SALT LAKE CITY -- The state education excellence commission wants two-thirds of Utah adults between the ages of 20 and 64 to have a college degree or certificate by 2020.
The goal was set after a Georgetown University study said two of every three jobs in Utah will require a post-secondary degree or certificate within the next decade.
Getting there won't be cheap, though.
Among other things, the commission's action plan calls for higher teacher salaries, restoring optional all-day kindergarten and hiring more counselors. However, those recommendations could change as the group continues to meet.
State Superintendent Larry Shumway said about 35 percent of Utah residents already have a college degree, while another 10 or 15 percent have a certificate.
Salt Lake Chamber CEO and commission member Lane Beattie said the definition of what qualifies as a post-secondary certificate may need to be a broad one, such as being certified by an employer in a computer program.
To reach the goal, the commission recommended addressing five broad categories: bolstering early childhood education, using technology, improving instructional quality, strengthening higher education and aligning education with economic development.
Facing a special election in November, Gov. Gary Herbert has frequently cited his commission's work as what will serve as the basis for his education plan.
Herbert's Democratic opponent, Salt Lake County Mayor Peter Corroon, has criticized Herbert for not offering an education plan of his own and said the state needs a 10-year plan.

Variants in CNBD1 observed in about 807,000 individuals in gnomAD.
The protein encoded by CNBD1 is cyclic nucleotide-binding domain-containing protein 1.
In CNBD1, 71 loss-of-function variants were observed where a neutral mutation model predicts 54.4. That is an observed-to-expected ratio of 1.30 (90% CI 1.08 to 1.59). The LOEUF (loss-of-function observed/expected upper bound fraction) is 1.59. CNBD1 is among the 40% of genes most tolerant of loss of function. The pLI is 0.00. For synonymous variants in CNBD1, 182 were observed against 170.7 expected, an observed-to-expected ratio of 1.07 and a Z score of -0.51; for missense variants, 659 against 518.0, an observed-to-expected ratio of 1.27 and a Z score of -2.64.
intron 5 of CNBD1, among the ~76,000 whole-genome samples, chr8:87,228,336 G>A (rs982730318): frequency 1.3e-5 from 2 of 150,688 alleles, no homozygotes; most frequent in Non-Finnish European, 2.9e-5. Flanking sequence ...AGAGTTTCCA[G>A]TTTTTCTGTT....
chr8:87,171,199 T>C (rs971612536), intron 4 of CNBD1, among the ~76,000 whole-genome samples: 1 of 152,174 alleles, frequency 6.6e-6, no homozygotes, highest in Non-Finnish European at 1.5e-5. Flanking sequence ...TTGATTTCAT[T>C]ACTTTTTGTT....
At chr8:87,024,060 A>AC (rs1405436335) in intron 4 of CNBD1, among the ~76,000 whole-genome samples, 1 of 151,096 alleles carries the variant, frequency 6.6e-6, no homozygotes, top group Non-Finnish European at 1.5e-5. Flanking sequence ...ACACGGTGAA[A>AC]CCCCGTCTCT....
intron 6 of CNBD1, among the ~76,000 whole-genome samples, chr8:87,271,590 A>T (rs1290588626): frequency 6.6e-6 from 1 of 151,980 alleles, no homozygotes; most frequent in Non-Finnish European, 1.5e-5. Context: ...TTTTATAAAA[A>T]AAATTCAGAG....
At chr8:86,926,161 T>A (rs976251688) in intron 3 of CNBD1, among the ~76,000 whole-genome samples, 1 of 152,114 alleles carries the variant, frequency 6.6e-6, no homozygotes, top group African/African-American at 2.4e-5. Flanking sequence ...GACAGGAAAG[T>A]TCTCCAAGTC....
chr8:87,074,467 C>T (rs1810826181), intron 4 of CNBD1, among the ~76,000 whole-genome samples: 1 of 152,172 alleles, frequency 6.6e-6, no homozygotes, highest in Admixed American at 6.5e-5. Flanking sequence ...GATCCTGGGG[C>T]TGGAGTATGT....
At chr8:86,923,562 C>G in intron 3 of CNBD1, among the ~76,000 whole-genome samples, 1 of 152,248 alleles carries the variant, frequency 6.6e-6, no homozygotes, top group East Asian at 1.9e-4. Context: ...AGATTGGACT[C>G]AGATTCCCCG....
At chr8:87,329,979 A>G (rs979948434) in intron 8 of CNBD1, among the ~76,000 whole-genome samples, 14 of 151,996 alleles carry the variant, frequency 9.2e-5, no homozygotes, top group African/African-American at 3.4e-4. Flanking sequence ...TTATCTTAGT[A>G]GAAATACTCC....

Corroon's running mate, Rep. Sheryl Allen, attended Tuesday's commission meeting and said she was glad Herbert finally agreed a 10-year plan was needed and noted that Corroon called for one in August.
"What we need now is to refine an education plan and have the leadership to be tenacious about it and see that a plan is implemented," she said.
Herbert serves as chairman of the commission but said he hasn't committed to following all of its recommendations, stressing that he considers the action plan to be a draft. He told reporters he wasn't going to rush into providing specific recommendations before the election or the legislative session that begins in January.
"I want to make sure that we do it right and that's more important than doing it quick," he said.
Allen countered that a candidate's education plan is important for voters to know before they cast their ballots.
Education funding has long been a challenge in Utah, which spends less per student than any state and has the nation's largest class sizes, primarily because it has the nation's biggest families.
Education officials have recently tried to reframe the education funding debate by saying the lack of spending just means Utah is more efficient than other states.